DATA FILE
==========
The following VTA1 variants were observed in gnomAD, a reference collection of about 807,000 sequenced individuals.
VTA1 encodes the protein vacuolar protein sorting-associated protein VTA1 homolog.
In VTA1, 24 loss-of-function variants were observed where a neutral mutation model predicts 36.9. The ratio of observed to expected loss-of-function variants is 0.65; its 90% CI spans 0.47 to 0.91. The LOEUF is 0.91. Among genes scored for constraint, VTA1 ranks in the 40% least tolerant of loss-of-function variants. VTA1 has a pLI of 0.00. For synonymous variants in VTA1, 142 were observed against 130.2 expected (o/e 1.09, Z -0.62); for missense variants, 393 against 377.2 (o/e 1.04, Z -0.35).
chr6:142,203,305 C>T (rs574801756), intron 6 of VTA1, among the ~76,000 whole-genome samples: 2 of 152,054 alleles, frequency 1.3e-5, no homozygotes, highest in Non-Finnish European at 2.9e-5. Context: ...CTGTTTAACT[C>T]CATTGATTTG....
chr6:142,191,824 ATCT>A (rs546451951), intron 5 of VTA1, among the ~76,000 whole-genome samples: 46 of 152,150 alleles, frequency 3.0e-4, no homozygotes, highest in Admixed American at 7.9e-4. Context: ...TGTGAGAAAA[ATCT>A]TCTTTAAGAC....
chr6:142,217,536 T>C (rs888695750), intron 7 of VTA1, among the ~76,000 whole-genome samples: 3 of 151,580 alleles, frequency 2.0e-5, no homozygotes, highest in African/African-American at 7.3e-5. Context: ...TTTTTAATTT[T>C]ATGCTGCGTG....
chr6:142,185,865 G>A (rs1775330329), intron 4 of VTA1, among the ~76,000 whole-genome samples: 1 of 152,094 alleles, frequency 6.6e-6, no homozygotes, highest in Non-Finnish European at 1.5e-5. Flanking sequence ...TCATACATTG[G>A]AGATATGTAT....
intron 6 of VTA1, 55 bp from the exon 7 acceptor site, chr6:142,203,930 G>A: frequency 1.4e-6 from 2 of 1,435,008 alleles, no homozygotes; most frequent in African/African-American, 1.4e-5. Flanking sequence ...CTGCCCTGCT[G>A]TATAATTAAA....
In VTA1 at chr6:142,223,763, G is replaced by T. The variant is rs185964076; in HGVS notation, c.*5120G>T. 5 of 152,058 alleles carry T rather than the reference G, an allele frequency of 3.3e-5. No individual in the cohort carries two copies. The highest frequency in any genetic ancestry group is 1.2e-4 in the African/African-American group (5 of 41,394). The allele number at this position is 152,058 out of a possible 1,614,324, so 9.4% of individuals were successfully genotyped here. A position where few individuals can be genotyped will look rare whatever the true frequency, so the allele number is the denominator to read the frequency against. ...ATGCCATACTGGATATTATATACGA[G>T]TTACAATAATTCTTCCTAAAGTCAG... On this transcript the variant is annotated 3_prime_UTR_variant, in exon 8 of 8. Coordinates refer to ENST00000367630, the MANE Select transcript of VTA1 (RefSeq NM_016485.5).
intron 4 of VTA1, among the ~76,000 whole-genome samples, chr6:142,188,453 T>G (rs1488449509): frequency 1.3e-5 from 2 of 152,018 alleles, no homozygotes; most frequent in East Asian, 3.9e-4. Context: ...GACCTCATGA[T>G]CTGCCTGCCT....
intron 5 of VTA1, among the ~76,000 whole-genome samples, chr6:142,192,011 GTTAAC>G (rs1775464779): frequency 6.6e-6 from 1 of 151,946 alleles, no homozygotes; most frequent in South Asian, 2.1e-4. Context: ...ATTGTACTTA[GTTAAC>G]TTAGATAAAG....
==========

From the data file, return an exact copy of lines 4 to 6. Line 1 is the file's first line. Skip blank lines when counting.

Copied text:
chr6:142,203,305 C>T (rs574801756), intron 6 of VTA1, among the ~76,000 whole-genome samples: 2 of 152,054 alleles, frequency 1.3e-5, no homozygotes, highest in Non-Finnish European at 2.9e-5. Context: ...CTGTTTAACT[C>T]CATTGATTTG....
chr6:142,191,824 ATCT>A (rs546451951), intron 5 of VTA1, among the ~76,000 whole-genome samples: 46 of 152,150 alleles, frequency 3.0e-4, no homozygotes, highest in Admixed American at 7.9e-4. Context: ...TGTGAGAAAA[ATCT>A]TCTTTAAGAC....
chr6:142,217,536 T>C (rs888695750), intron 7 of VTA1, among the ~76,000 whole-genome samples: 3 of 151,580 alleles, frequency 2.0e-5, no homozygotes, highest in African/African-American at 7.3e-5. Context: ...TTTTTAATTT[T>C]ATGCTGCGTG....